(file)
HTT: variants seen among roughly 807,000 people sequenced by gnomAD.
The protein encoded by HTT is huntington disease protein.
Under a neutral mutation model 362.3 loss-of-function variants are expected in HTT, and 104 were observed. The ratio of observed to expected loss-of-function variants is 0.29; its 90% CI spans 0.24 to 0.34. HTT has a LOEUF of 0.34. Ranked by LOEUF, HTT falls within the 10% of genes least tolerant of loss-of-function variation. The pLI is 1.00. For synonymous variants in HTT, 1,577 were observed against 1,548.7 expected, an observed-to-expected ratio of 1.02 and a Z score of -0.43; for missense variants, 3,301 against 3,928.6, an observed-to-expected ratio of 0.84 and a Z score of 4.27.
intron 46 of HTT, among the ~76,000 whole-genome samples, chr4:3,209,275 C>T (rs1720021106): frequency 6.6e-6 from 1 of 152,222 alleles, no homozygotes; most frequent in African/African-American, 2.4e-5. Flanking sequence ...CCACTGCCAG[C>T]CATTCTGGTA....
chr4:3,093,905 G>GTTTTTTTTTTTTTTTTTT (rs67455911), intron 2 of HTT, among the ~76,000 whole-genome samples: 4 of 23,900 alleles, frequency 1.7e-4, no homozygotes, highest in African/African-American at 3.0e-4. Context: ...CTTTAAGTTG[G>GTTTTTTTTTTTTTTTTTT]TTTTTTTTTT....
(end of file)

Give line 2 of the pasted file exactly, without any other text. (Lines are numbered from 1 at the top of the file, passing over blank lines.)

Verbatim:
The protein encoded by HTT is huntington disease protein.